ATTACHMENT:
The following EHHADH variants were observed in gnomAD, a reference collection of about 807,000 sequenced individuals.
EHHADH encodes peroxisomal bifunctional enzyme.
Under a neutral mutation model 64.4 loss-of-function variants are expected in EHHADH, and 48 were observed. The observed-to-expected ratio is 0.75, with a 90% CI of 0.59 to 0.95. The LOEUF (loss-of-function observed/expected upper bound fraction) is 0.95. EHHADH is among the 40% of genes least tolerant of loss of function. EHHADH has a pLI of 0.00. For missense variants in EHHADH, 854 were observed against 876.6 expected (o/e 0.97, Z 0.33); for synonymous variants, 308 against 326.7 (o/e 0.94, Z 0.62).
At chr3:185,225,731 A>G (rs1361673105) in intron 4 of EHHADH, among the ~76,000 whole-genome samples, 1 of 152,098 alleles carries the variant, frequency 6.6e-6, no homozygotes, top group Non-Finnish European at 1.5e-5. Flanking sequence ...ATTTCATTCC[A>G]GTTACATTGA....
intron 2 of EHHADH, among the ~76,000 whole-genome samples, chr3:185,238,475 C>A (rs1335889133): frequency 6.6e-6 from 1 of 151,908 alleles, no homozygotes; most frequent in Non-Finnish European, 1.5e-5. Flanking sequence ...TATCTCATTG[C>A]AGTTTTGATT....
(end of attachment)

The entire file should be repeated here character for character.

The following EHHADH variants were observed in gnomAD, a reference collection of about 807,000 sequenced individuals.
EHHADH encodes peroxisomal bifunctional enzyme.
Under a neutral mutation model 64.4 loss-of-function variants are expected in EHHADH, and 48 were observed. The observed-to-expected ratio is 0.75, with a 90% CI of 0.59 to 0.95. The LOEUF (loss-of-function observed/expected upper bound fraction) is 0.95. EHHADH is among the 40% of genes least tolerant of loss of function. EHHADH has a pLI of 0.00. For missense variants in EHHADH, 854 were observed against 876.6 expected (o/e 0.97, Z 0.33); for synonymous variants, 308 against 326.7 (o/e 0.94, Z 0.62).
At chr3:185,225,731 A>G (rs1361673105) in intron 4 of EHHADH, among the ~76,000 whole-genome samples, 1 of 152,098 alleles carries the variant, frequency 6.6e-6, no homozygotes, top group Non-Finnish European at 1.5e-5. Flanking sequence ...ATTTCATTCC[A>G]GTTACATTGA....
intron 2 of EHHADH, among the ~76,000 whole-genome samples, chr3:185,238,475 C>A (rs1335889133): frequency 6.6e-6 from 1 of 151,908 alleles, no homozygotes; most frequent in Non-Finnish European, 1.5e-5. Flanking sequence ...TATCTCATTG[C>A]AGTTTTGATT....